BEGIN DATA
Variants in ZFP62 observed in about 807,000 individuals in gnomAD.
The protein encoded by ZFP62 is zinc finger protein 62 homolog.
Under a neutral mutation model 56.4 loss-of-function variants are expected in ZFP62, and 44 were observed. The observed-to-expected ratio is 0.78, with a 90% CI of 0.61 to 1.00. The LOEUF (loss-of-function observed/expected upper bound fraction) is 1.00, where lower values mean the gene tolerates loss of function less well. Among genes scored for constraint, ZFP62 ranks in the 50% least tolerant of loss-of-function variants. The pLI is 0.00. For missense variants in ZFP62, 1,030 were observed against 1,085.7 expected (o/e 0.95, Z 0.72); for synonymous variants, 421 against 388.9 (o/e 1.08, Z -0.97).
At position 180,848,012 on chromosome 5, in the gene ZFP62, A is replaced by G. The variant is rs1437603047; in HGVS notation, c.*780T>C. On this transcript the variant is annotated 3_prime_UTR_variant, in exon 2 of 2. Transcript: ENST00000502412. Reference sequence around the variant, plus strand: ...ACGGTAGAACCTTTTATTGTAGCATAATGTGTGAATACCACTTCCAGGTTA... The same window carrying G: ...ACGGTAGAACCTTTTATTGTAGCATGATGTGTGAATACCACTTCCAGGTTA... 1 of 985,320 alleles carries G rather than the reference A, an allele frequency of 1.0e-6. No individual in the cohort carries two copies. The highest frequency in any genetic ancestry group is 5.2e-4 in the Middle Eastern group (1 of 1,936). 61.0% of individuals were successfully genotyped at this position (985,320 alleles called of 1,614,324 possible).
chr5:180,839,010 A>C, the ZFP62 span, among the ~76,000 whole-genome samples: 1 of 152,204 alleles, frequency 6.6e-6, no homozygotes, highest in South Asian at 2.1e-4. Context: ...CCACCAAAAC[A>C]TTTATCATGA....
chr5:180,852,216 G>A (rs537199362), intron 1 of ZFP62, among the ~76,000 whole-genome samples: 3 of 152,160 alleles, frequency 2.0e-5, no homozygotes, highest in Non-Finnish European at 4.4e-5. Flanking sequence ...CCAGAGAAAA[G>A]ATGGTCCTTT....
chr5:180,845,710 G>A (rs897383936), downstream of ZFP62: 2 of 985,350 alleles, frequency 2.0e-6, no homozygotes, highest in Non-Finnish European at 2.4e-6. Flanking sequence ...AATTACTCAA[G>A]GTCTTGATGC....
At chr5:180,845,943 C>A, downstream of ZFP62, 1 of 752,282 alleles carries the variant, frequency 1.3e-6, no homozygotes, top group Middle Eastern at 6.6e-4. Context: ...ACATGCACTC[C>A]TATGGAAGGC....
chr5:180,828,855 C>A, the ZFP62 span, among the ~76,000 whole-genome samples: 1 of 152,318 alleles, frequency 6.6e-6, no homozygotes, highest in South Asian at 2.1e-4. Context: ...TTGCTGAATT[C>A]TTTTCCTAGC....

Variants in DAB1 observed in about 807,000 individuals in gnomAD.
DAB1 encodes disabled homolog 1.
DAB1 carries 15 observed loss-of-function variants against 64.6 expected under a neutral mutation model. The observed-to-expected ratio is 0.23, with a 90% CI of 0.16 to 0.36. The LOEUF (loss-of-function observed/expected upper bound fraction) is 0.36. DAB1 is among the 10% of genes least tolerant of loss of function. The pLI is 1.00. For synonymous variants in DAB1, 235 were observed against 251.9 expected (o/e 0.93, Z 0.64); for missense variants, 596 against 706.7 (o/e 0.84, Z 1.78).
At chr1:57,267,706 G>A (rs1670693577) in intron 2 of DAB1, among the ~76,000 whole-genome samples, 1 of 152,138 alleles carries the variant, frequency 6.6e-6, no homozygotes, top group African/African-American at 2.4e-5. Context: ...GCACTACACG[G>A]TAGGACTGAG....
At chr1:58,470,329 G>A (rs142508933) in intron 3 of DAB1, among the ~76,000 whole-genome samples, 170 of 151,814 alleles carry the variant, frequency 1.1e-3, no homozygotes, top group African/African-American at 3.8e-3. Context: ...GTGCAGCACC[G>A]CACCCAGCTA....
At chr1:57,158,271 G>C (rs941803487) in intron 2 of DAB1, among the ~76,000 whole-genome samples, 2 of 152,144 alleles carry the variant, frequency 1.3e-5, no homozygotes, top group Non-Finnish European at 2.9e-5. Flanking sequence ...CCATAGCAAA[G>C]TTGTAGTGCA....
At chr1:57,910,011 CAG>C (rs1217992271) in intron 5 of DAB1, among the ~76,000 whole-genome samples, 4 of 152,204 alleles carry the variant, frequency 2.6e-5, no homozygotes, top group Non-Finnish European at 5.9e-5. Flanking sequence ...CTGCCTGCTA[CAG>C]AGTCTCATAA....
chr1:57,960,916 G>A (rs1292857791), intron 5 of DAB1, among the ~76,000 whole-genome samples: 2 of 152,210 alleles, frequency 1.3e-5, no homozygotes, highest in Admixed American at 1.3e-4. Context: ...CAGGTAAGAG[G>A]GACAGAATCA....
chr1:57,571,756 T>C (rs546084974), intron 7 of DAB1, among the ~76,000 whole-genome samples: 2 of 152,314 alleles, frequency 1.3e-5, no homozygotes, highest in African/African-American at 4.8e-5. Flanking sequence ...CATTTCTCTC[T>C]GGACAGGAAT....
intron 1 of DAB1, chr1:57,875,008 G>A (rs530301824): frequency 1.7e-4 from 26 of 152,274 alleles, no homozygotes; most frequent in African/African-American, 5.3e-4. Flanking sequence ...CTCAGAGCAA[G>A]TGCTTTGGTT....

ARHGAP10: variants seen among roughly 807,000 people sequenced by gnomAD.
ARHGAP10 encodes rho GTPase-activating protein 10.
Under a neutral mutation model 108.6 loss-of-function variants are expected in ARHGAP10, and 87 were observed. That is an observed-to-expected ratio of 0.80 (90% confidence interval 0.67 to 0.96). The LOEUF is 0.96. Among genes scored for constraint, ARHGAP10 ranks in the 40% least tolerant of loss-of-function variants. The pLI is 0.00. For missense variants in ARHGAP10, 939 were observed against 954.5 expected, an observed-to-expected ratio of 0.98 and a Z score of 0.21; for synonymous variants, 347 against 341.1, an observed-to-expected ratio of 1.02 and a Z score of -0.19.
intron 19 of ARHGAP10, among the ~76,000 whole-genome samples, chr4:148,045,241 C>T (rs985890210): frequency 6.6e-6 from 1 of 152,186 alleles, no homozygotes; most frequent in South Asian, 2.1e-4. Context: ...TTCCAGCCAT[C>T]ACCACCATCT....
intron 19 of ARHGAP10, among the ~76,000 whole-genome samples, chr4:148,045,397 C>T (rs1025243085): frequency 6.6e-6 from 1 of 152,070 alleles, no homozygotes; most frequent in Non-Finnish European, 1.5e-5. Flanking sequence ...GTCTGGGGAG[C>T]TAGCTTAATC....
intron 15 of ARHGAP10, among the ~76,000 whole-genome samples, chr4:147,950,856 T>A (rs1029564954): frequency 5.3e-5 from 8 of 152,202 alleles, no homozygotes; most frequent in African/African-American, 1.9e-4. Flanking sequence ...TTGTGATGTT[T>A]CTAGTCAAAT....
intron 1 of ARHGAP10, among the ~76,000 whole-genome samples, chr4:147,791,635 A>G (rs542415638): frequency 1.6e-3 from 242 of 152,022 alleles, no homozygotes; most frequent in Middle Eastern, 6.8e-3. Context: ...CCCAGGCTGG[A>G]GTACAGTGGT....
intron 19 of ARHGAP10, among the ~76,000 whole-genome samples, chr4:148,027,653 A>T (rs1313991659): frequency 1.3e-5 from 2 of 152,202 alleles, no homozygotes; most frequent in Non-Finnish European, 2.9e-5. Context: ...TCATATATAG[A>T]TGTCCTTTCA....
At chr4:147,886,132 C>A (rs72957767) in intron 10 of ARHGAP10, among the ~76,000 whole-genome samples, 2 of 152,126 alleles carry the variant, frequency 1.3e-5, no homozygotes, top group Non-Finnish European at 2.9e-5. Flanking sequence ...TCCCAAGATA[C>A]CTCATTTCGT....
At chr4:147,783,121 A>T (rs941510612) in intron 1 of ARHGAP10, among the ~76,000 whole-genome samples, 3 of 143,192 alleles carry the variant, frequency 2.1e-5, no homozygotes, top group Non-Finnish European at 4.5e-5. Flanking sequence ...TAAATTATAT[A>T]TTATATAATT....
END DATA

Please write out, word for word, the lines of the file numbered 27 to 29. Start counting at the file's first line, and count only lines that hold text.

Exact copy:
intron 19 of ARHGAP10, among the ~76,000 whole-genome samples, chr4:148,027,653 A>T (rs1313991659): frequency 1.3e-5 from 2 of 152,202 alleles, no homozygotes; most frequent in Non-Finnish European, 2.9e-5. Context: ...TCATATATAG[A>T]TGTCCTTTCA....
At chr4:147,886,132 C>A (rs72957767) in intron 10 of ARHGAP10, among the ~76,000 whole-genome samples, 2 of 152,126 alleles carry the variant, frequency 1.3e-5, no homozygotes, top group Non-Finnish European at 2.9e-5. Flanking sequence ...TCCCAAGATA[C>A]CTCATTTCGT....
At chr4:147,783,121 A>T (rs941510612) in intron 1 of ARHGAP10, among the ~76,000 whole-genome samples, 3 of 143,192 alleles carry the variant, frequency 2.1e-5, no homozygotes, top group Non-Finnish European at 4.5e-5. Flanking sequence ...TAAATTATAT[A>T]TTATATAATT....